Chris Nott is not your stereotypical lawyer, as Robert Llewellyn Jones discovered
Clad in a sober, lightweight business suit and open-neck shirt Chris Nott does not look like the typical lawyer.
And that is no accident, as the urbane senior partner at Capital Law, doesn’t want his staff to act like stuffy, pinstripe-suited stereotypes.
Mr Nott set up Capital Law five years ago, having previously been a partner in the firm Palser Grossman, whose business law division it acquired.
Sitting in his office in the Capital Building on Tyndall Street, with its panoramic views over the city, he reflects on how different the firm of today is from how things were when he began in practice 30 years ago.
“Our offices do not look like a law firm and our lawyers don’t act like lawyers, they are just people who care about sorting out their client’s problems in the quickest way they can,” he said.
“We are not stand-offish. We work closely with our clients seeing ourselves in the role of advisers whose ambition is to be the leading business-law practice based in Wales.”
That can-do attitude has been shaped in part by the nature of the firm’s clients.
“A large proportion of Capital Law’s work is with Welsh entrepreneurs who I’ve worked with for 25-years,” he said. “In some ways it’s like having participated in a 25-year MBA course where you get to see both the best and worst of practice. The effect working with people like that has had on me has been to abolish the fear of risk. So I set up a business and enjoy watching it grow.”
Before forming Capital Law Mr Nott set up and grew a number of other businesses outside the legal sector. He said: “When we formed this firm we agreed we would set up an investment vehicle to run parallel with it. This would identify businesses started by our clients or inspired by them, which have growth potential.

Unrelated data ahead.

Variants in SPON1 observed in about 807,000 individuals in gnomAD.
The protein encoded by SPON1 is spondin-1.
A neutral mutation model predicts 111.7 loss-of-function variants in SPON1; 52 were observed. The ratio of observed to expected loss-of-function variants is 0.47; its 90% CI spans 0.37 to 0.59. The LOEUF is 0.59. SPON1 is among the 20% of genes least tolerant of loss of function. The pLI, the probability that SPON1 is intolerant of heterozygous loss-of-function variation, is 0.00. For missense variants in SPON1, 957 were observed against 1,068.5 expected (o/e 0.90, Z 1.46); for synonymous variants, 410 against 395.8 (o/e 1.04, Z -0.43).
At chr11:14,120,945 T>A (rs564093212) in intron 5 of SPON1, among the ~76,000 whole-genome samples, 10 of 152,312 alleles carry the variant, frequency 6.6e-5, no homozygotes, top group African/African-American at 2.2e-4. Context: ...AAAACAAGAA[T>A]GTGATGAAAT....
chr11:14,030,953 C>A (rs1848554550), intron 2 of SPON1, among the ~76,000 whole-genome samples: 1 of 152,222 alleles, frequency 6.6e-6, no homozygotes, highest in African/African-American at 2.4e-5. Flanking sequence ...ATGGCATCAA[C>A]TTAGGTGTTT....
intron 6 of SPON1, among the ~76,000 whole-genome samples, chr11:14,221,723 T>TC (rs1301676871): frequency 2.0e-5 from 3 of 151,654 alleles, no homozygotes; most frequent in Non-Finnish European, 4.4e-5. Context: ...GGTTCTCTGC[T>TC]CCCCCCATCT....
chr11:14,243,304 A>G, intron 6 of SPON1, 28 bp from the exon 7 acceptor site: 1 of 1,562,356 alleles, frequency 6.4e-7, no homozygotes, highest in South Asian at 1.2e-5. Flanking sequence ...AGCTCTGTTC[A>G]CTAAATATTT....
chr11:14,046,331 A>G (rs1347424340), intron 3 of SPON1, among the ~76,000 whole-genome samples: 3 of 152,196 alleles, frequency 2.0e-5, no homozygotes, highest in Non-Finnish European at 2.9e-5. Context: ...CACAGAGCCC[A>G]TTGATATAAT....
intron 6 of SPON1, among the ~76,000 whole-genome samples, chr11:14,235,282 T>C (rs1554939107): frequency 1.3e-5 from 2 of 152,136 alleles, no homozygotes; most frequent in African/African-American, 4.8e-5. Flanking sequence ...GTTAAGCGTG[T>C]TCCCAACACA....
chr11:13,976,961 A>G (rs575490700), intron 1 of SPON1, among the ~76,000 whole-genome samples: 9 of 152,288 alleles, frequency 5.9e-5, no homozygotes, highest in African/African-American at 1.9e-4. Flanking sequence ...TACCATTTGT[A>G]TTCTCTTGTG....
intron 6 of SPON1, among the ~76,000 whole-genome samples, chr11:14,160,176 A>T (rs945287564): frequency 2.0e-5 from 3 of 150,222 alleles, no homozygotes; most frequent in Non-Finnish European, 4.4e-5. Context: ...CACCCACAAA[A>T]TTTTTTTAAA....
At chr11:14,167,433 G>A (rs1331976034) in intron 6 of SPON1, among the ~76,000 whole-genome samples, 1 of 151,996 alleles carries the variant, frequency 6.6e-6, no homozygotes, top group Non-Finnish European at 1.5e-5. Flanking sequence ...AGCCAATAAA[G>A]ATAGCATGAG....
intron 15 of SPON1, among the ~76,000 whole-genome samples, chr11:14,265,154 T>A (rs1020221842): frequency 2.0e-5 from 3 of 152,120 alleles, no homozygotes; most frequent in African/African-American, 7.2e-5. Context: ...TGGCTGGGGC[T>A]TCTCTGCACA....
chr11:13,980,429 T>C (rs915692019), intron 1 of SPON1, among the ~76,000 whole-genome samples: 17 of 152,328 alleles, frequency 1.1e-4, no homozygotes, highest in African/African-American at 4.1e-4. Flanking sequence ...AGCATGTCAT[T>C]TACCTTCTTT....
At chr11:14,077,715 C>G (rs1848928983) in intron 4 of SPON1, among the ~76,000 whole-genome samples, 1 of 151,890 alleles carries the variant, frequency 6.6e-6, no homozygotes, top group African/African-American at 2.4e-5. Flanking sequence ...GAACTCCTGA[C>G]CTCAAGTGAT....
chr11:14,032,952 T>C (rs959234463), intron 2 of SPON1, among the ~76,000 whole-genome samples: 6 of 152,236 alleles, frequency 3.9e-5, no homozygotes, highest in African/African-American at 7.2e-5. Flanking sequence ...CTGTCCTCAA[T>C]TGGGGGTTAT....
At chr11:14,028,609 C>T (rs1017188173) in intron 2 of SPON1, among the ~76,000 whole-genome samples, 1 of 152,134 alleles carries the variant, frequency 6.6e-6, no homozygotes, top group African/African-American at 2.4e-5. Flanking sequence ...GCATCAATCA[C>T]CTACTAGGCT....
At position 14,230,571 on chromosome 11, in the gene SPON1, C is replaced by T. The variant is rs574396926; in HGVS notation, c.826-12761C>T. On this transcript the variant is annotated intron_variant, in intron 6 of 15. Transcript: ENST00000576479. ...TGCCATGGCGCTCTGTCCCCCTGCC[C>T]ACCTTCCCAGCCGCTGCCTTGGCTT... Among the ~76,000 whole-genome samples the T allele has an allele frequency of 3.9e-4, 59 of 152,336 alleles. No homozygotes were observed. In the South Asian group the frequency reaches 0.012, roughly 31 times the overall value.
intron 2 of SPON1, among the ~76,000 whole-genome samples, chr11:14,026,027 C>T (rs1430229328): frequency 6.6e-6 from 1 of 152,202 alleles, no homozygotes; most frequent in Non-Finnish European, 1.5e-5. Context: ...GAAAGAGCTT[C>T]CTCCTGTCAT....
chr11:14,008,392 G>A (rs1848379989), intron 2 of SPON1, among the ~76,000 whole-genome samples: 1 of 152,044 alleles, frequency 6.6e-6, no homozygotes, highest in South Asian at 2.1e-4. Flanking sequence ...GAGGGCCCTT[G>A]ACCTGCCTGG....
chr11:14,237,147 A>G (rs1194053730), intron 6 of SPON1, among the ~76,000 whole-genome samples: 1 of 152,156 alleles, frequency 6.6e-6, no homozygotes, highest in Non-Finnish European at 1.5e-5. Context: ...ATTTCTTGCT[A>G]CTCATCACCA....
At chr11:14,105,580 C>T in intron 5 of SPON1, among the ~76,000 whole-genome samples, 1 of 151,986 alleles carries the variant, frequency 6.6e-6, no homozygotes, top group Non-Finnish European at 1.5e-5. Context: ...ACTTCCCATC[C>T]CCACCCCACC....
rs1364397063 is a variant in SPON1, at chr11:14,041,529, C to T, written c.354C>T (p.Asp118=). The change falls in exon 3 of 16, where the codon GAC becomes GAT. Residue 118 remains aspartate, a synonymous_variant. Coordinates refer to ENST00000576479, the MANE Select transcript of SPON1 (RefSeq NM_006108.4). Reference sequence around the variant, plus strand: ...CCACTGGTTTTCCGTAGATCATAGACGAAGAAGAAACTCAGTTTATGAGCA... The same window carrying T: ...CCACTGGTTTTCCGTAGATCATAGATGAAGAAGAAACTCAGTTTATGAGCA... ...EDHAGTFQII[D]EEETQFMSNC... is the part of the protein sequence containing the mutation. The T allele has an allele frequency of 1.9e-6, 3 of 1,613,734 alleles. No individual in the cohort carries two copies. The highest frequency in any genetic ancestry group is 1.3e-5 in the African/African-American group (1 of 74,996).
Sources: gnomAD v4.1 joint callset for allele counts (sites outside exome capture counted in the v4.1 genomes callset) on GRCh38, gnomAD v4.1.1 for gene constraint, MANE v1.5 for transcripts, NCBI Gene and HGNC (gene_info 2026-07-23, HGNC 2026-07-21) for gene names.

“This is now five years old and has been successful with ventures in the food and beverage sector and the fishing industry.”
The Capital Law ethic is, he said, best expressed as “to thine own self be true”.
“There are, of course, rules governing work and personal behaviour. We have a strong collegiate culture but within that we encourage people to be entrepreneurial. Entrepreneurship is at the core of everything we do.”
Illustrating this he said: “Four years ago we started a small HR consulting business. Rather than giving clients advice on employment law our consultants will go in and help deliver the project for them.
“We realised we’d hit on a good idea so rather than grow that business organically we went out and bought an existing, multi-faceted consultancy business. As a consequence of this over the last three years we’ve worked on acquiring a small number of specialist consulting businesses, bolted these together and relaunched them as Consult Capital.”
In March his experience and ability saw him appointed chair of the financial and professional services panel, which reports directly to Edwina Hart Minister for Business, Economy, Science and Technology.
“Our brief is to advise her on how to grow the financial professional services part of the Welsh economy,” said Mr Nott.
“We kept our head down for the first few months while we got to know the Minister and her priorities and her departmental team, who already had a well developed plan. We struck up a constructive working relationship and the approach we have encouraged is to keep the plan simple, focus your resources and build on what we got.”
Securing Mr Nott’s services and entrepreneurial flair was considered something of a coup and he is prepared to admit that the panel has identified a strong financial and professional services sector in Wales.
The problem, he explained, was no-one knows about the sector – the perception being Wales didn’t have one.